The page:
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Chemical Cop Tactics Worry Protesters

Chicago Bears wide receiver Mark Bradley outruns the New York Jets' Shaun Ellis (92) and Bobby Hamilton (98) as he scores a 57-yard touchdown during the fourth quarter, Nov. 19, 2006 at Giants Stadium in East Rutherford, N.J. The Bears beat the Jets, 10-0.
AP Photo/Bill Kostroun
Stung by a recent videotape of its officers beating and kicking a suspect, Philadelphia's police are pledging a restrained response to any protests at this week's Republican National Convention.

But as CBS News Correspondent Thalia Assuras reports, protesters are worried that the department's tactics will still involve the use of chemical agents, like pepper spray and tear gas, that demonstrators claim are harmful and unnecessary.

Some of those who'll be in Philadelphia this week are veterans of demonstrations at the World Trade Organization meeting in Seattle last year and at the International Monetary Fund meeting in Washington in April, two events that deteriorated into violent clashes between protesters and police.

Knowing that, Police Commissioner John Timoney said his force has been warned to be extra cautious.

"I can guarantee to you that officers will not take the first shot, land the first blow," he aid. "They're just going to be in defense of themselves or in the process of making an arrest after being assaulted."

With a heavy police presence already on the streets of the city this weekend, the commissioner says he's warned his rank and file that in order for them to keep the peace, they will have bite their lip.

"They must accept verbal taunts, personal insults, disparaging remarks regarding their families, their race, their ethnicity and they have to take it," he said.

Whether protesters will use such tactics is not clear. All week protest organizers have been staging workshops teaching thousands of new recruits how to disrupt the convention with non-violent civil disobedience.

One organizer told recruits, "We're here to demonstrate, we here to disrupt."

Some of the protesters, like Jennifer Krill and Patrick Reinsborough, are paid professionals; they even get health benefits to help organize demonstrations around the country.

Both were in Seattle and DC, and Reinsborough claims that the protests were non-violent until demonstrators were hit with tear gas and pepper spray.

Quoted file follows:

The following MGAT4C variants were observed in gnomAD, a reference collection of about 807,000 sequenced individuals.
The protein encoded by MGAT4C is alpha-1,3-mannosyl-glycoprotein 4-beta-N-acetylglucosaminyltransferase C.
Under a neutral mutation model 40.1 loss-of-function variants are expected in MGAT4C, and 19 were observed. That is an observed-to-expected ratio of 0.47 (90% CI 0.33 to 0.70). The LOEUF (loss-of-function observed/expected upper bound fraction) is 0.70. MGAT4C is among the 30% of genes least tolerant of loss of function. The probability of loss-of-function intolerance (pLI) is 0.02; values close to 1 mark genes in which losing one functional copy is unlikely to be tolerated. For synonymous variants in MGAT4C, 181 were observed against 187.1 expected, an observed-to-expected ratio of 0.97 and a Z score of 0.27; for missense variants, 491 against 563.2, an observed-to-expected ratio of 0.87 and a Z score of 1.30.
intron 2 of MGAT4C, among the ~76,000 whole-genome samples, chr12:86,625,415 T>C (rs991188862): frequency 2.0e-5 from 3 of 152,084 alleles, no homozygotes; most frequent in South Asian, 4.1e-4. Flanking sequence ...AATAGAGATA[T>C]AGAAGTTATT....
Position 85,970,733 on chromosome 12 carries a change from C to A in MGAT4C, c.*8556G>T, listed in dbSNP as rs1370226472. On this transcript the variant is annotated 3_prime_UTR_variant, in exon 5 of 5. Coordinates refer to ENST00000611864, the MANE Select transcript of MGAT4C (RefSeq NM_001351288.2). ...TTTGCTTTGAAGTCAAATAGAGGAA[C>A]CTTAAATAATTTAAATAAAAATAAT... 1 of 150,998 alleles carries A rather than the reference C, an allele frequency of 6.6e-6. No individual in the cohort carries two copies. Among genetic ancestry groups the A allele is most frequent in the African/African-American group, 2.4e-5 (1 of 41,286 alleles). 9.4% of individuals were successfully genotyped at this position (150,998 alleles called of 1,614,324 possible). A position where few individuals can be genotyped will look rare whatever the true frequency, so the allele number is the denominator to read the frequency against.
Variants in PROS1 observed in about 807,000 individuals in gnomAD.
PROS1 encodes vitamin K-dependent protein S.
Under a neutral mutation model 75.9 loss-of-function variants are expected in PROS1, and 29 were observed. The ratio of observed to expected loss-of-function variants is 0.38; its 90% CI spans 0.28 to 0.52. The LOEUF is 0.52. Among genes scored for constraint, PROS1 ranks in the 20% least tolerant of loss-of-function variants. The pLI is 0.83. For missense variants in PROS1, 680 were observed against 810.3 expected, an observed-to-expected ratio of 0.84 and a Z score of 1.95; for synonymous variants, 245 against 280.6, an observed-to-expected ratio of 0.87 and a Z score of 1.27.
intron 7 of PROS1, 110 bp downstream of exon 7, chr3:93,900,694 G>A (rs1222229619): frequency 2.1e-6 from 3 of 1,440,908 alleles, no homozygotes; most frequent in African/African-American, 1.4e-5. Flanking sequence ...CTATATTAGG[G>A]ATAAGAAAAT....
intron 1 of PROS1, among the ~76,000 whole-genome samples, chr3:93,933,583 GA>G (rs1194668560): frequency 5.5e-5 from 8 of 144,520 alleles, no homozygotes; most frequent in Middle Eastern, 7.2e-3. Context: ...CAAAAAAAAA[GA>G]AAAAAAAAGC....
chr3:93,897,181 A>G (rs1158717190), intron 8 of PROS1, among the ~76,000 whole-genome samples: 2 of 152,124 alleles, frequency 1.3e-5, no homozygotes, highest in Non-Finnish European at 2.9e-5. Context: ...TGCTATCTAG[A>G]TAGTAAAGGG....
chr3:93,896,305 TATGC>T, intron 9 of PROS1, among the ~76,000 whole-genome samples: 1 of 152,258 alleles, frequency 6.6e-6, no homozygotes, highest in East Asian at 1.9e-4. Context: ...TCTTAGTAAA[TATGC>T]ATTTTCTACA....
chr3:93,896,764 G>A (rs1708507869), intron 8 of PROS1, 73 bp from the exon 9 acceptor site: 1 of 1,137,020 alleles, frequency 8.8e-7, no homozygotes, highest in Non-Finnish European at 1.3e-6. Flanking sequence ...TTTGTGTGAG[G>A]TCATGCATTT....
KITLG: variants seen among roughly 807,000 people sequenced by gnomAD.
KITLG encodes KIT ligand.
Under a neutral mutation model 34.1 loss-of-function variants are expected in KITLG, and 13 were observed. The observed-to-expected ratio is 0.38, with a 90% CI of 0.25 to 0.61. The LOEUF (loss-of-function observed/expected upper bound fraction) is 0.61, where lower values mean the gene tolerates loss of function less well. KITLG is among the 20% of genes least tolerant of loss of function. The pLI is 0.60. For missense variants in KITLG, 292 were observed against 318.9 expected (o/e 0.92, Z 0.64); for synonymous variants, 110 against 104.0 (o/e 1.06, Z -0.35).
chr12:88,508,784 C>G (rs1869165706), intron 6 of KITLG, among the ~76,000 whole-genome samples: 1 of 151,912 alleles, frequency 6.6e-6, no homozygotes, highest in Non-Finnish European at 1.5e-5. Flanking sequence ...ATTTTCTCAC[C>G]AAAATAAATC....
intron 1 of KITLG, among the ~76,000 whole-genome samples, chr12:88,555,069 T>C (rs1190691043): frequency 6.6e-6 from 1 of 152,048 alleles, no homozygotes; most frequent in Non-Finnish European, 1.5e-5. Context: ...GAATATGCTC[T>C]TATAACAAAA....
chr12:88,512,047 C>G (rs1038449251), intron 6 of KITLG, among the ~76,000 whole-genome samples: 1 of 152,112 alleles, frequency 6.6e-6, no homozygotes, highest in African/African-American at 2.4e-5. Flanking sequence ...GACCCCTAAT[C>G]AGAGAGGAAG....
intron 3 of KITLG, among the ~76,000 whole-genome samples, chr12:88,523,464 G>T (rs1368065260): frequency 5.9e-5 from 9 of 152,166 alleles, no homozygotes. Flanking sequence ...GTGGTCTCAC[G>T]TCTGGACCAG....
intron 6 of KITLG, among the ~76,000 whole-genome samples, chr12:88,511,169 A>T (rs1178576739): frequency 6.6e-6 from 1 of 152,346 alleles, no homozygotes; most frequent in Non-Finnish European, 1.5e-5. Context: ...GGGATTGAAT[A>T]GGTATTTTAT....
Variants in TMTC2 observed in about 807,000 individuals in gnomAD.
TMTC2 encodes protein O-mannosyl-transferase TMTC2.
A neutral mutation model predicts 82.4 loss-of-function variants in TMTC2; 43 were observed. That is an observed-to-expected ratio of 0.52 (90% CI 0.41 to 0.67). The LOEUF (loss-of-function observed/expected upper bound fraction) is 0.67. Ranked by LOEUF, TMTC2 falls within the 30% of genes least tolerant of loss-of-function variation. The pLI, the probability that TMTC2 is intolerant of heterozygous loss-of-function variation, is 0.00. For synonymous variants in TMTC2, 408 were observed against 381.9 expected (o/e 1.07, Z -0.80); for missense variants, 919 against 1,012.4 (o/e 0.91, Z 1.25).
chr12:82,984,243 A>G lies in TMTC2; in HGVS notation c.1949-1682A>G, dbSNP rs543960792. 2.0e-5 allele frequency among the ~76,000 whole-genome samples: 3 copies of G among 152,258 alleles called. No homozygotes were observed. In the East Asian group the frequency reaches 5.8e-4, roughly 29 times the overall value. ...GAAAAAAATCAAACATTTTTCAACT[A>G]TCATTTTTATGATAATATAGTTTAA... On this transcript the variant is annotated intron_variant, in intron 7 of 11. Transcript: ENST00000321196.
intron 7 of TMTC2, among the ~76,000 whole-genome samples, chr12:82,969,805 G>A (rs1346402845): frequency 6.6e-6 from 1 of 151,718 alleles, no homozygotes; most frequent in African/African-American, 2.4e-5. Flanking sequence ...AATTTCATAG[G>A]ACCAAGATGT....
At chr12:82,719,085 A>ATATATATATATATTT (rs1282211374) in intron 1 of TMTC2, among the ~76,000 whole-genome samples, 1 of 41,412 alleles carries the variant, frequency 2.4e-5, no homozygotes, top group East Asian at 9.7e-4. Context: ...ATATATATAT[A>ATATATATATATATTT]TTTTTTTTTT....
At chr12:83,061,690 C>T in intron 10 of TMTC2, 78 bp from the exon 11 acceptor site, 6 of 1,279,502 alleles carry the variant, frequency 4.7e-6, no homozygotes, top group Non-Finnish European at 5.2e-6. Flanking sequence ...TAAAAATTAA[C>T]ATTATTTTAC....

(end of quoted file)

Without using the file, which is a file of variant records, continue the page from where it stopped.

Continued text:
"I think it's part of a very disturbing trend of the police to deal with people's right of freedom of expression and to protest peacefully, to respond by using chemical agents like tear gas and pepper spray," he said.

The use of pepper spray has become especially controversial.

Just last week, a demonstration in Minneapolis turned ugly after several animal rights activists were sprayed with pepper spray as they tried to enter a park. Several protestors received minor injuries.

Amnesty International is calling for the suspension of the use of pepper spray, claiming that over the last decade it has contributed to more than a hundred deaths in the United States.

"It results in coughing—it results in gagging, choking, swelling of the eyes and (is) particularly a problem for those that have respiratory aliments," said Curt Goering, a co-director of Amnesty Internatinal.

Timoney disputes charges that pepper spray is dangerous. He's been pepper sprayed himself and has no concerns about its use.

"I really have no worry whatsoever in regards to this non-lethal weapon somehow having a lethality that it doesn't have," he said.

But pepper spray—or at least the fear of it—have organizers preparing for the worst.

"We've asked people who had respiratory illnesses such as asthma to consider staying away from the front lines," Krill said, which in protesters' minds is a breach of what Krill calls Americans' "freedom to speak out when we feel like we're being oppressed."